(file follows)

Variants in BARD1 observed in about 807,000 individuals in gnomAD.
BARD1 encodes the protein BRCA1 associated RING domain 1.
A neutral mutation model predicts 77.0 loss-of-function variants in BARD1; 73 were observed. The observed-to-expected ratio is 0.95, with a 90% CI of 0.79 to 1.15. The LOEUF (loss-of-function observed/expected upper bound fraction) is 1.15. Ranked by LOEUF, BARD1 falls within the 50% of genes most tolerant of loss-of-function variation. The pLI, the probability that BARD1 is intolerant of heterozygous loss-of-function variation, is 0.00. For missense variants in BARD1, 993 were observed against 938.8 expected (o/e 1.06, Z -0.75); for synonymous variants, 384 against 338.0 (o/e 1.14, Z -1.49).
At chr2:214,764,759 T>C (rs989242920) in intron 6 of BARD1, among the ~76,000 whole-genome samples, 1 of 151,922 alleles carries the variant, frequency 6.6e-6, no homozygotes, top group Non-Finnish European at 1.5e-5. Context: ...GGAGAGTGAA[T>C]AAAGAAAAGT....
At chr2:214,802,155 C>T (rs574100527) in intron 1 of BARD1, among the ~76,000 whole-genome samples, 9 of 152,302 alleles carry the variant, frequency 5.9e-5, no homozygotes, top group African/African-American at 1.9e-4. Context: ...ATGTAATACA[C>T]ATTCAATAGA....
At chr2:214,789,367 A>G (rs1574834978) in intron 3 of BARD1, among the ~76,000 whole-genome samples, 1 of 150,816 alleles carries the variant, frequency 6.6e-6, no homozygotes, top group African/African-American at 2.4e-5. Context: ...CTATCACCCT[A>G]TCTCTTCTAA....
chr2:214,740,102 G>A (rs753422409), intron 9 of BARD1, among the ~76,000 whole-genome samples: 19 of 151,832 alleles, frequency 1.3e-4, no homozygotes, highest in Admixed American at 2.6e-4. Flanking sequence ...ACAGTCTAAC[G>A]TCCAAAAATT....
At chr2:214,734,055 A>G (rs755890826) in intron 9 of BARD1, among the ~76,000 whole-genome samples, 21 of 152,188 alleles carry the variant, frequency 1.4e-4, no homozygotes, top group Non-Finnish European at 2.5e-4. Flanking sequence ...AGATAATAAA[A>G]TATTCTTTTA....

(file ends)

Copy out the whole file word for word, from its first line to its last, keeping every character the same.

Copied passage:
Variants in BARD1 observed in about 807,000 individuals in gnomAD.
BARD1 encodes the protein BRCA1 associated RING domain 1.
A neutral mutation model predicts 77.0 loss-of-function variants in BARD1; 73 were observed. The observed-to-expected ratio is 0.95, with a 90% CI of 0.79 to 1.15. The LOEUF (loss-of-function observed/expected upper bound fraction) is 1.15. Ranked by LOEUF, BARD1 falls within the 50% of genes most tolerant of loss-of-function variation. The pLI, the probability that BARD1 is intolerant of heterozygous loss-of-function variation, is 0.00. For missense variants in BARD1, 993 were observed against 938.8 expected (o/e 1.06, Z -0.75); for synonymous variants, 384 against 338.0 (o/e 1.14, Z -1.49).
At chr2:214,764,759 T>C (rs989242920) in intron 6 of BARD1, among the ~76,000 whole-genome samples, 1 of 151,922 alleles carries the variant, frequency 6.6e-6, no homozygotes, top group Non-Finnish European at 1.5e-5. Context: ...GGAGAGTGAA[T>C]AAAGAAAAGT....
At chr2:214,802,155 C>T (rs574100527) in intron 1 of BARD1, among the ~76,000 whole-genome samples, 9 of 152,302 alleles carry the variant, frequency 5.9e-5, no homozygotes, top group African/African-American at 1.9e-4. Context: ...ATGTAATACA[C>T]ATTCAATAGA....
At chr2:214,789,367 A>G (rs1574834978) in intron 3 of BARD1, among the ~76,000 whole-genome samples, 1 of 150,816 alleles carries the variant, frequency 6.6e-6, no homozygotes, top group African/African-American at 2.4e-5. Context: ...CTATCACCCT[A>G]TCTCTTCTAA....
chr2:214,740,102 G>A (rs753422409), intron 9 of BARD1, among the ~76,000 whole-genome samples: 19 of 151,832 alleles, frequency 1.3e-4, no homozygotes, highest in Admixed American at 2.6e-4. Flanking sequence ...ACAGTCTAAC[G>A]TCCAAAAATT....
At chr2:214,734,055 A>G (rs755890826) in intron 9 of BARD1, among the ~76,000 whole-genome samples, 21 of 152,188 alleles carry the variant, frequency 1.4e-4, no homozygotes, top group Non-Finnish European at 2.5e-4. Flanking sequence ...AGATAATAAA[A>G]TATTCTTTTA....